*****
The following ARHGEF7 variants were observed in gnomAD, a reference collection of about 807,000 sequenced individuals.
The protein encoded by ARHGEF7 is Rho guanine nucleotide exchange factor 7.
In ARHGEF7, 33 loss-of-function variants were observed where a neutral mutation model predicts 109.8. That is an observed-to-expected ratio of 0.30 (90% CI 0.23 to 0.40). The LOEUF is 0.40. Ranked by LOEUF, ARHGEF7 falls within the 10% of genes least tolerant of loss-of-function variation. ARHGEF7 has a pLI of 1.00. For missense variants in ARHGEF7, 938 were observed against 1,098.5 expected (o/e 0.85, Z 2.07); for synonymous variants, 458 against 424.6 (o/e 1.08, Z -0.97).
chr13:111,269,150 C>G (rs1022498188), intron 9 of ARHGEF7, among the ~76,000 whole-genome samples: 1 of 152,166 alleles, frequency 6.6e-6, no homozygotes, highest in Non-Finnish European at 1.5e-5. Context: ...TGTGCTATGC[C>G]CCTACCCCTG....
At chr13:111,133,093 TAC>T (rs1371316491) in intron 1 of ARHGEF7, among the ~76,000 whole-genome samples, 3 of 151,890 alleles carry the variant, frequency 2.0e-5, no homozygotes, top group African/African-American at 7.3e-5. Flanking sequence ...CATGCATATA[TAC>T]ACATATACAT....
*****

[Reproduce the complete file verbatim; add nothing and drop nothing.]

The following ARHGEF7 variants were observed in gnomAD, a reference collection of about 807,000 sequenced individuals.
The protein encoded by ARHGEF7 is Rho guanine nucleotide exchange factor 7.
In ARHGEF7, 33 loss-of-function variants were observed where a neutral mutation model predicts 109.8. That is an observed-to-expected ratio of 0.30 (90% CI 0.23 to 0.40). The LOEUF is 0.40. Ranked by LOEUF, ARHGEF7 falls within the 10% of genes least tolerant of loss-of-function variation. ARHGEF7 has a pLI of 1.00. For missense variants in ARHGEF7, 938 were observed against 1,098.5 expected (o/e 0.85, Z 2.07); for synonymous variants, 458 against 424.6 (o/e 1.08, Z -0.97).
chr13:111,269,150 C>G (rs1022498188), intron 9 of ARHGEF7, among the ~76,000 whole-genome samples: 1 of 152,166 alleles, frequency 6.6e-6, no homozygotes, highest in Non-Finnish European at 1.5e-5. Context: ...TGTGCTATGC[C>G]CCTACCCCTG....
At chr13:111,133,093 TAC>T (rs1371316491) in intron 1 of ARHGEF7, among the ~76,000 whole-genome samples, 3 of 151,890 alleles carry the variant, frequency 2.0e-5, no homozygotes, top group African/African-American at 7.3e-5. Flanking sequence ...CATGCATATA[TAC>T]ACATATACAT....